Equipment to test for early hearing loss donated

GINA, GUYANA, Thursday, January 19, 2017

The United Women for Special Children UWSC group today handed over an Otoacoustic Emissions (OAE) screener to the Audiology unit of the Ministry of Public Health. The equipment is valued $1.3M GYD and will enable early diagnosis of hearing disability in newborn babies.

Receiving the donation on behalf of the Ministry of Public Health was Director of Disability and Rehabilitative Services, Ariane Mangar.

Mangar noted the timeliness of the donation and said it will allow for early diagnosis of  hearing disabilities in children.

Member of the United Women for Special Children Group, Ann Geer and President of the group, Jennifer Prashad (both left) hands over the Otoacoustic Emission (OAE) screener to Ariane Mangar, Director of Disability and Rehabilitation services, Ministry of Public Health.

The UWSC has been contributing to the Audiology unit for a number of years. The unit which is housed at the Georgetown Public Hospital had received a similar donation of an OAE screener back in 2003. That piece of equipment has served its full time and purpose and the USWC has stepped in to replace it.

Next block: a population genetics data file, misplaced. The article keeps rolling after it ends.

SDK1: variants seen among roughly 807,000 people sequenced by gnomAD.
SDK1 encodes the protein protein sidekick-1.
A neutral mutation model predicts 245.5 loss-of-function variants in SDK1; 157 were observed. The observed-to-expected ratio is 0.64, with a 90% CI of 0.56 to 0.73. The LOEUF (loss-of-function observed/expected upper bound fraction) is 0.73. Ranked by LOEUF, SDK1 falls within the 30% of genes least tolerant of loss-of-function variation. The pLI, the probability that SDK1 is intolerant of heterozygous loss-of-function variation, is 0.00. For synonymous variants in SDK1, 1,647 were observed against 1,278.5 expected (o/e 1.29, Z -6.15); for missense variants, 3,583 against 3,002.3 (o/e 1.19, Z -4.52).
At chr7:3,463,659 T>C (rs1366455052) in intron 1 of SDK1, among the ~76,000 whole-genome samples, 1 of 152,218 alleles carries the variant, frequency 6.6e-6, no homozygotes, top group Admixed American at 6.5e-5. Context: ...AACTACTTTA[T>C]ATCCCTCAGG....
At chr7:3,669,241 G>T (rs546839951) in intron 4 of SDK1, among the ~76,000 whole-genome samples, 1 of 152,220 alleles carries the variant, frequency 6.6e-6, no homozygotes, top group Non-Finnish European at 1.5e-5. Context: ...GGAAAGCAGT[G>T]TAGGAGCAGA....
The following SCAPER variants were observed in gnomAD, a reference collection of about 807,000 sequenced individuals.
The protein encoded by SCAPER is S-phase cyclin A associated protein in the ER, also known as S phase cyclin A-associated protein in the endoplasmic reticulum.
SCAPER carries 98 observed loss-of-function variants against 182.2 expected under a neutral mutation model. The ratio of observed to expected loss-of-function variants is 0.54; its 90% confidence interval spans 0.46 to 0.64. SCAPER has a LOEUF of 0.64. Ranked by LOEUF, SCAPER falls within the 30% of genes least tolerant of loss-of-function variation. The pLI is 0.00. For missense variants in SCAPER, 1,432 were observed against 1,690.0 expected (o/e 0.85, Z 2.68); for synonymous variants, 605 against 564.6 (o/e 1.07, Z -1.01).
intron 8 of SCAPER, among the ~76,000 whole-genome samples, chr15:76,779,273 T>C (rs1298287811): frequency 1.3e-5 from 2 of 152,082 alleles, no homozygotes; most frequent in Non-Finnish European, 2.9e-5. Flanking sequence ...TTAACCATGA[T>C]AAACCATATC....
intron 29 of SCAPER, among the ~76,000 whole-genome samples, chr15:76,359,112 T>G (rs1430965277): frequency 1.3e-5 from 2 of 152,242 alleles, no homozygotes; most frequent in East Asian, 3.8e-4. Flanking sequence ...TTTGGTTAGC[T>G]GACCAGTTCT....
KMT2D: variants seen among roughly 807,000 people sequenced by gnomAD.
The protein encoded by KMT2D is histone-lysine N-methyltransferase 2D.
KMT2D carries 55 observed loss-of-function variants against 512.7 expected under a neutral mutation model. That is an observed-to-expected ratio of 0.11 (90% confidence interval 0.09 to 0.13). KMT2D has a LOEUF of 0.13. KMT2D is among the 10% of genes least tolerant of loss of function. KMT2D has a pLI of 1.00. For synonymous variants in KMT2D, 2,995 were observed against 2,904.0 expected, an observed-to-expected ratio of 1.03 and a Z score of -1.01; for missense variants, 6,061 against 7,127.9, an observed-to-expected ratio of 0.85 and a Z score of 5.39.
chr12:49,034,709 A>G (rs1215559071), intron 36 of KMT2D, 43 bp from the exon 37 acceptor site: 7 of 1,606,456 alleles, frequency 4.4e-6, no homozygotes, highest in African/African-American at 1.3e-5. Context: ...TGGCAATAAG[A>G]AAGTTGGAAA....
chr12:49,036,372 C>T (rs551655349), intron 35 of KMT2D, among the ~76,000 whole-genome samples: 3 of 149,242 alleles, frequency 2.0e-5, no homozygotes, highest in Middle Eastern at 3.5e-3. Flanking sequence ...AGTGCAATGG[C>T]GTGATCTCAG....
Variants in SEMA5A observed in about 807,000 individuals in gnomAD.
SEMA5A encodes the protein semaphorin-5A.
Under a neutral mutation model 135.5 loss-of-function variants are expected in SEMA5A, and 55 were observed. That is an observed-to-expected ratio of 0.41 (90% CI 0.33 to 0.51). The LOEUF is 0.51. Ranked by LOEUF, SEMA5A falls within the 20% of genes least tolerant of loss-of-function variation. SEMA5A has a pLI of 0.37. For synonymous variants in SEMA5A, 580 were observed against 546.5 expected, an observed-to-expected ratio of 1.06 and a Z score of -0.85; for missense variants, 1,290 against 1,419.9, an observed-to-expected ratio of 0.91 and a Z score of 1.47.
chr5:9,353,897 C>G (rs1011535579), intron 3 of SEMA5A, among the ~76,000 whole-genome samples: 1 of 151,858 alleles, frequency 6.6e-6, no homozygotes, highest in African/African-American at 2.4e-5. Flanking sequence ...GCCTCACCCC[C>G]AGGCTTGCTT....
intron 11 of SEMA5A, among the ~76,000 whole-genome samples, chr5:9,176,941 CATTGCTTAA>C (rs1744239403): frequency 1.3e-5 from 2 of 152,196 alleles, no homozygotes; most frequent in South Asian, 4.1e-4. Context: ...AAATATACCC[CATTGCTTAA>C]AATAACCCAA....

OAE tests primarily determine cochlear status. This information can be used to screen hearing ability particularly in neonates, infants or individuals with developmental disabilities, partially estimate hearing sensitivity within a limited range, differentiate between the sensory and neural components of sensorineural hearing loss, and test for functional (feigned) hearing loss.

According to statistics presented by the World Health Organization (WHO) in 2015, newborn babies are diagnosed with a hearing disability as a result of complication during the mother’s pregnancy. These complications include birth asphyxia (lack of oxygen at the time of birth), inappropriate use of drugs during pregnancy such as aminoglycosides, cytotoxic drugs, antimalarial drugs and diuretics and severe jaundice during neonatal period, which can damage the hearing nerve in a newborn infant.

Half of all cases of hearing loss in babies are avoidable through primary prevention.

More than 90 per cent of all babies born in Guyana are screened for hearing disabilities. However, a small percentage of these are diagnosed with the disability.

The UWSC was founded in 1987 with the primary objective of helping children with special needs meet their highest potential. The Non-Government Organisation (NGO)  garners funds from  donations, through fund raising activities such as bazaar sales, contributions from donors, membership fees, raffles and printed cards by local (Guyanese) artists.

By: Delicia Haynes


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